Replacing the heater core in a 1993 Fleetwood or Roadmaster
Replacing the heater core in a 1993 Buick Roadmaster Estate
1993 Fleetwoods and Roadmaster are bascially the same chassis. You may need to make modifications to the procedure I've outlined if your car is somewhat different.
Note: my 1993 Roadmaster has factory automatic air conditioning.
Long thin flat bladed screwdriver
Long handle water pump pliers
7mm socket (¼ inch drive) and various short extensions
¼ inch drive ratchet
7mm nut driver (optional)
Heat gun (very useful)
Towel or rag to catch coolant inside the car.
Ok, here’s how I did it. Feel free to modify this approach to suit your particular circumstances.
I didn’t drain the coolant and I didn’t disconnect the battery. You may choose to do both these tasks.
Remove the wiper motor. Believe me, this is the ONLY way those hoses and quick connects are coming off in 1 piece, as access is extremely limited with the wiper motor blocking access to the hose disconnects.
Removing the wiper motor is an involved but easy task and is outlined in the factory service manual so I won’t cover it here in detail.
But here are some basics.
Disconnect the wiring harnesses to the wiper motor. Remove the passenger side wiper, remove the long rubber cowl seal, remove the DRIVER’S side cowl vent cover, remove the passenger side cowl vent cover, remove the access plate on the passenger side, disconnect the wiper motor linkage from the motor (2 bolts) and then remove 3 bolts holding the motor to the cowl, and remove it.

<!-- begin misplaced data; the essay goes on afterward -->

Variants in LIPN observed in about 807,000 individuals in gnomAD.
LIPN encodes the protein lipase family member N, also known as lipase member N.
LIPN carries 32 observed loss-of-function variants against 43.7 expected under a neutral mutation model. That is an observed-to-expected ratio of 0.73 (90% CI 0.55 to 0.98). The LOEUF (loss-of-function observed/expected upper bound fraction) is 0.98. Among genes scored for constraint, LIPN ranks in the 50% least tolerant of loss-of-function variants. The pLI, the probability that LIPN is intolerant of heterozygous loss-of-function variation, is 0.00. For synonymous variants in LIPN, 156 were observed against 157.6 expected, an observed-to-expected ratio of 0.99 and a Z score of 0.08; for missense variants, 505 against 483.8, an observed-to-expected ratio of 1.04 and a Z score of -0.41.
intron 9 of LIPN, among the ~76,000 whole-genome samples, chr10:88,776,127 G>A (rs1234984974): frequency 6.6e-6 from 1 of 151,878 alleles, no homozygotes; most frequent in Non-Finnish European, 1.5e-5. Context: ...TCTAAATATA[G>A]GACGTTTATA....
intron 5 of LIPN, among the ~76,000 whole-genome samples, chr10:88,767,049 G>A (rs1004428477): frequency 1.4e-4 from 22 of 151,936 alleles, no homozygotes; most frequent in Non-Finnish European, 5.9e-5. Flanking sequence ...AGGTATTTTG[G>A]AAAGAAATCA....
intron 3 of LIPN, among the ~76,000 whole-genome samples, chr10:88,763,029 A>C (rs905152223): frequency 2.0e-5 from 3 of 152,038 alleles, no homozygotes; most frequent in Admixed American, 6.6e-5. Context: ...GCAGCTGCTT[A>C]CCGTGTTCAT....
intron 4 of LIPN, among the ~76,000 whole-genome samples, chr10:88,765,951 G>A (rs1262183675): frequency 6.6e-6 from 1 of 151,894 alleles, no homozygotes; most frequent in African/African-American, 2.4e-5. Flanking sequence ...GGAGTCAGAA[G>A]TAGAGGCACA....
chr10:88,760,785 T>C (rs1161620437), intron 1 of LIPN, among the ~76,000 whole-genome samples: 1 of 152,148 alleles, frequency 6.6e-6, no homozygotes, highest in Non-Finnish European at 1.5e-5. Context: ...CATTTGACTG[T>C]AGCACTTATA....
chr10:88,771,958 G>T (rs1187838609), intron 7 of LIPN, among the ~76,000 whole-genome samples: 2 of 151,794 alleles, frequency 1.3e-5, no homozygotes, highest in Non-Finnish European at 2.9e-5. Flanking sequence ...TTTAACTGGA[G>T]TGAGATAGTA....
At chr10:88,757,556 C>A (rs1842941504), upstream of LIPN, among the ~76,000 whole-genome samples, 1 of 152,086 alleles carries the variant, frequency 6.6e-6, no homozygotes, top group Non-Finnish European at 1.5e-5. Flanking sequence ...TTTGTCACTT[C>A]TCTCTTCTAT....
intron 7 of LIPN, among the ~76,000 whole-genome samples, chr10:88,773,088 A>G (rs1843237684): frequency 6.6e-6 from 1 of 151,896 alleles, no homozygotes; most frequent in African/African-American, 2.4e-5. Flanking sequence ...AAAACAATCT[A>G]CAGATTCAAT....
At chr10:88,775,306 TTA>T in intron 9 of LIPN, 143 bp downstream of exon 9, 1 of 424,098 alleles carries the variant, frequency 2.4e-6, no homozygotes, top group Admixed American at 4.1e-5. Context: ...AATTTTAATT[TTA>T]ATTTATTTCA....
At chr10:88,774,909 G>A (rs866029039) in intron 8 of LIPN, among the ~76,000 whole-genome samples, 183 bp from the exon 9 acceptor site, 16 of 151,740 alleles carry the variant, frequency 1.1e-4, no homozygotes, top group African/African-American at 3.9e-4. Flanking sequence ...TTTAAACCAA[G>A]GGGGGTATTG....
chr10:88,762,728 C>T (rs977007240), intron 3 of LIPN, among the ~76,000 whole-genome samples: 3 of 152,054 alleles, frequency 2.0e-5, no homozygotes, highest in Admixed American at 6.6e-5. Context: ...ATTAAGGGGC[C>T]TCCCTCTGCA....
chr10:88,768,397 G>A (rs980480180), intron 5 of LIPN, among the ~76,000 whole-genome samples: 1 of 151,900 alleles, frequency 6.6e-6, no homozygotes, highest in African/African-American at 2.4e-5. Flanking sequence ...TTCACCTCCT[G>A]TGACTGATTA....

Now you have clear access to the hoses and quick connects.
Remove the single bolt securing the outlet hose to the cowl. Now both hoses and quick connects can rotate on their axis (this will be useful later).
Spray the quick connects with WD-40 and let it soak in. Fire up the heat gun and heat the quick connects until the WD-40 starts smoking. The quick connects are easiest to remove once they are hot and soft.
Note: Pulling on the hoses while trying to release the disconnects WILL NOT help release the disconnects – in fact, it makes the disconnect dig in deeper. If anything, you want to PUSH the hose toward the firewall while attempting to release the quick connects.
Also, the nylon quick connect “cages” are available aftermarket from www.dormanproducts.com, if the nylon cage is broken or damaged during removal.
I used the long thin flat bladed screwdriver to “persuade” the tab to slide out of the notch thereby releasing the quick connect. You’ll have to grip and turn the quick connect to see/access the opposite tab & notch.
Repeat the WD40 and heat cycle with the other disconnect, until you can pull it off too.
This is a frustrating process but it can be done if you’re patient.
When the hose finally release, take care to catch any O-rings or nylon sealing rings that may be loose or falling out of the hose ends. Note there stacking order so you can replace them correctly during re-assembly.
Lastly, remove the rubber elbow at the firewall (this 90deg elbow is attached to the AC drain.)